Henry Lok writes a fulsome prefatory sonnet to a collection of verse by James I. The Spenserian pattern of rhyme was used in Scotland prior to Spenser's first published use of the form in the dedicatory sonnets appended to the Faerie Queene (1591). Lok himself was English. Many more of his Spenserian sonnets appear in Ecclesiasticus; sundry Psalms of David (1597).
This sonnet is the earliest record of Lok; his devotional volume published in 1593 is no longer extant. Lok was a London merchant and one of Lord Burghley's secret agents.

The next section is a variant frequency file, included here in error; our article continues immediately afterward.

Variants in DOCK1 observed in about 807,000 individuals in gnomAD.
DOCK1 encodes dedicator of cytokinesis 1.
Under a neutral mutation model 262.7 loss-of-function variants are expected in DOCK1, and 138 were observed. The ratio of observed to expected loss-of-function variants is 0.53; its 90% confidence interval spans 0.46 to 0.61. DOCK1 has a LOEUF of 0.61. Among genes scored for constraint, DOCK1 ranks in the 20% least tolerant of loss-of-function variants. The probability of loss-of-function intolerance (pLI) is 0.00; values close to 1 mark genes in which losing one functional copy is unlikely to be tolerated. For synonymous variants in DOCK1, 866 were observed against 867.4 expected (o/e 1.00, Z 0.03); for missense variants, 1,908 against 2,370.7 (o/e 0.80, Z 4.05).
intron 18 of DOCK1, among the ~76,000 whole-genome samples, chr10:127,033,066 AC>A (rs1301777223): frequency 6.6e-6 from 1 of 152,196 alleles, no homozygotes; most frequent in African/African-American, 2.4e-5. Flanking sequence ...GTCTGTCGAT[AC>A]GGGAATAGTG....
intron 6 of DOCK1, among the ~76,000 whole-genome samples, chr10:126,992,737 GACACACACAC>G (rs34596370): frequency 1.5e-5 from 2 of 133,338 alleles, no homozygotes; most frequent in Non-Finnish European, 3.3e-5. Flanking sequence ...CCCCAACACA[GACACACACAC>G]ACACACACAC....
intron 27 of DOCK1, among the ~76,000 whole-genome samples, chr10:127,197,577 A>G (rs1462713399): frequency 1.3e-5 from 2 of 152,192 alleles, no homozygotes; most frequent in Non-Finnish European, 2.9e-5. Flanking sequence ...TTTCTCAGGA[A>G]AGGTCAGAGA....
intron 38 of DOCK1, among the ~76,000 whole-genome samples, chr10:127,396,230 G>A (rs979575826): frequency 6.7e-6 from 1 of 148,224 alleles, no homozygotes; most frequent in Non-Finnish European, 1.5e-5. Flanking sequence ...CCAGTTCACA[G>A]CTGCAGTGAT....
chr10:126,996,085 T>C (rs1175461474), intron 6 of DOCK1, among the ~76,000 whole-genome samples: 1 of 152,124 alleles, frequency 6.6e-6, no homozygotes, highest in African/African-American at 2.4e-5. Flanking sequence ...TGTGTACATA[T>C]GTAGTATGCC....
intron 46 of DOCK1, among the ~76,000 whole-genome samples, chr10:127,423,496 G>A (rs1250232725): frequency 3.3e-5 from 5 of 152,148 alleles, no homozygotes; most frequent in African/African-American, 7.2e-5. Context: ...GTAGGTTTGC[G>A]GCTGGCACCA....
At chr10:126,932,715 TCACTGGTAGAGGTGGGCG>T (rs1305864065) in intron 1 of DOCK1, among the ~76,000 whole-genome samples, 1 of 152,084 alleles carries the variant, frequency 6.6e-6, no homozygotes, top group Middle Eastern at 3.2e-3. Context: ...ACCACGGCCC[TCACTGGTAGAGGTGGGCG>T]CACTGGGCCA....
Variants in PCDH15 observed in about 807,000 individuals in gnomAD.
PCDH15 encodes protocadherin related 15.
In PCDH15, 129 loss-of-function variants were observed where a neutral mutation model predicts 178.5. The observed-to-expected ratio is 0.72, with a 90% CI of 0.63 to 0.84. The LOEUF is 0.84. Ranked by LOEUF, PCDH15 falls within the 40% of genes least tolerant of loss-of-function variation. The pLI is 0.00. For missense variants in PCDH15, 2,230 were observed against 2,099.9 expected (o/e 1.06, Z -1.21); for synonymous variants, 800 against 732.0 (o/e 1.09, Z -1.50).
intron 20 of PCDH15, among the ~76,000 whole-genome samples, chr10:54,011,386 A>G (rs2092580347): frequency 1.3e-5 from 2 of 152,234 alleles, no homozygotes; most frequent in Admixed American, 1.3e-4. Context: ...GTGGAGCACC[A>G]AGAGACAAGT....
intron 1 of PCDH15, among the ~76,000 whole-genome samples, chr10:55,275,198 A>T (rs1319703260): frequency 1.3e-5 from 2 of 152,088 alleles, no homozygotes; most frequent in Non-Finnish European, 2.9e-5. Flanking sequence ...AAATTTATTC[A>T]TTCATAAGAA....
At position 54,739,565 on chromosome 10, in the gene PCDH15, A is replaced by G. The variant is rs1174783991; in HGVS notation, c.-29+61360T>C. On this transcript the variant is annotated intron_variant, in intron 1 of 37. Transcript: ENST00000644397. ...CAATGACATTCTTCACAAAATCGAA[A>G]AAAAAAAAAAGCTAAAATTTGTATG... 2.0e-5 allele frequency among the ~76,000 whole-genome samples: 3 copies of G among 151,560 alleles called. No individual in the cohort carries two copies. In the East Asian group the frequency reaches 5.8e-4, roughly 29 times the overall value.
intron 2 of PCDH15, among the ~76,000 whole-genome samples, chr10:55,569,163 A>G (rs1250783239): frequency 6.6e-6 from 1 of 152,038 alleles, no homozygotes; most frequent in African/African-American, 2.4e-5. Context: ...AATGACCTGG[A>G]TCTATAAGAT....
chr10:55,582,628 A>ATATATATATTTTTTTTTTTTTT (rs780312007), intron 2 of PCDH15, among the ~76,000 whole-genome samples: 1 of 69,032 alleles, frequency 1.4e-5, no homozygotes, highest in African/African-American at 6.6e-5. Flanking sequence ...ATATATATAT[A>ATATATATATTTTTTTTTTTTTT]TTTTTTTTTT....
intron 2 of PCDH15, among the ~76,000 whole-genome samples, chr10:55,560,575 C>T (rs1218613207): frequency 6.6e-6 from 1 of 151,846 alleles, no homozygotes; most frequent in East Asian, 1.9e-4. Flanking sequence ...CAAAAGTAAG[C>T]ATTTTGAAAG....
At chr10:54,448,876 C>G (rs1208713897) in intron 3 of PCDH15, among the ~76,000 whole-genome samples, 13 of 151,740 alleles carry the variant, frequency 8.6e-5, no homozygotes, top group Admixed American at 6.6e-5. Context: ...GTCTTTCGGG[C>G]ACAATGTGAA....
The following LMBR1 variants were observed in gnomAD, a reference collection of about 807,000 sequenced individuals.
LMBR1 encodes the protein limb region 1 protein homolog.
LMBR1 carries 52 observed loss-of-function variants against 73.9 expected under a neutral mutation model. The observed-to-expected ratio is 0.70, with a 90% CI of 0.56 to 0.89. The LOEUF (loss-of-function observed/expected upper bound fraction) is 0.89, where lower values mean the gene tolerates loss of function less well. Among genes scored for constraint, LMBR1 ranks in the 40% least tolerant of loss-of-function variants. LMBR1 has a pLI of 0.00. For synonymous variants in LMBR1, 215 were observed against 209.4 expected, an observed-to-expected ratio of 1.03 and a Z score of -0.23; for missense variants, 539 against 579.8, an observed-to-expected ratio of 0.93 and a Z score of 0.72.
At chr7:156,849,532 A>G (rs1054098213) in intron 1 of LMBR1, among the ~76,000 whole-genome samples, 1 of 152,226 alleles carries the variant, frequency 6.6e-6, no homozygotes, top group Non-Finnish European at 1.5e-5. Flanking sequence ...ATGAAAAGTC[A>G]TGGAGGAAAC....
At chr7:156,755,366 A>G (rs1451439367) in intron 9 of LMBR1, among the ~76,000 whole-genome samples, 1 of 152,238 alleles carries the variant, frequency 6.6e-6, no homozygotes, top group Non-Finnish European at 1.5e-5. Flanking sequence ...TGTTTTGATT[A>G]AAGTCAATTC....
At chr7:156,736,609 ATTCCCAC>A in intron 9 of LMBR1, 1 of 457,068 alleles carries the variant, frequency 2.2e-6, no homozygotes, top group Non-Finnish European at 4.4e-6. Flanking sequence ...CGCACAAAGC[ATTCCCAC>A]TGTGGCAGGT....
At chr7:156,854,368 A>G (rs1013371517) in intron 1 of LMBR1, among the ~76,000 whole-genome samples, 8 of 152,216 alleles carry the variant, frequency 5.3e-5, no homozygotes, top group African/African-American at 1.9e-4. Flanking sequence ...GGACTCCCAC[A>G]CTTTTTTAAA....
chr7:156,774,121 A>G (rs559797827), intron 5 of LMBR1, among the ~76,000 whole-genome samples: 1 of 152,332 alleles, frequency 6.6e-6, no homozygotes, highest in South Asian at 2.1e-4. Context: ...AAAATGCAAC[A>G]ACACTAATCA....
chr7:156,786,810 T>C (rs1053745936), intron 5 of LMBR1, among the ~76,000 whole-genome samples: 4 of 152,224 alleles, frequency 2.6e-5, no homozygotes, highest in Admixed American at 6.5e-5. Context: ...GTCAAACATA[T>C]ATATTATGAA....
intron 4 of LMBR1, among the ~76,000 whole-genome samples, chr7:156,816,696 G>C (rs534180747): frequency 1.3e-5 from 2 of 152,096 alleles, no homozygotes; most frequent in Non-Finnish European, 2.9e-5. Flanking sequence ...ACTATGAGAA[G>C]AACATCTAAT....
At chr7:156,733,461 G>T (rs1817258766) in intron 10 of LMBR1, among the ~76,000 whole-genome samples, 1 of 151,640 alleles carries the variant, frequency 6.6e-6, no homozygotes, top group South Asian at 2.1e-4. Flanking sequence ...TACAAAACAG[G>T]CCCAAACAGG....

If ALEXANDER sighed when he came
Unto the Tomb where fierce ACHILLES lay:
If he had cause, that blessed age to blame
Since HOMER lacks his merites to display.
If he with teares his sorrowes did bewray,
To see his father PHILIP conquer all,
And that more Worlds behinde there did not stay,
Which for reward of his deserts might fall:
Then may I mone, our times, our judgement small,
Unworthy records of your sacred skill:
Then must our Poets on new Muses call,
To graunt them guifts to imitate your quill.
I like the flie, that burneth in the flame,
Should shew my blindnes to attempt the same.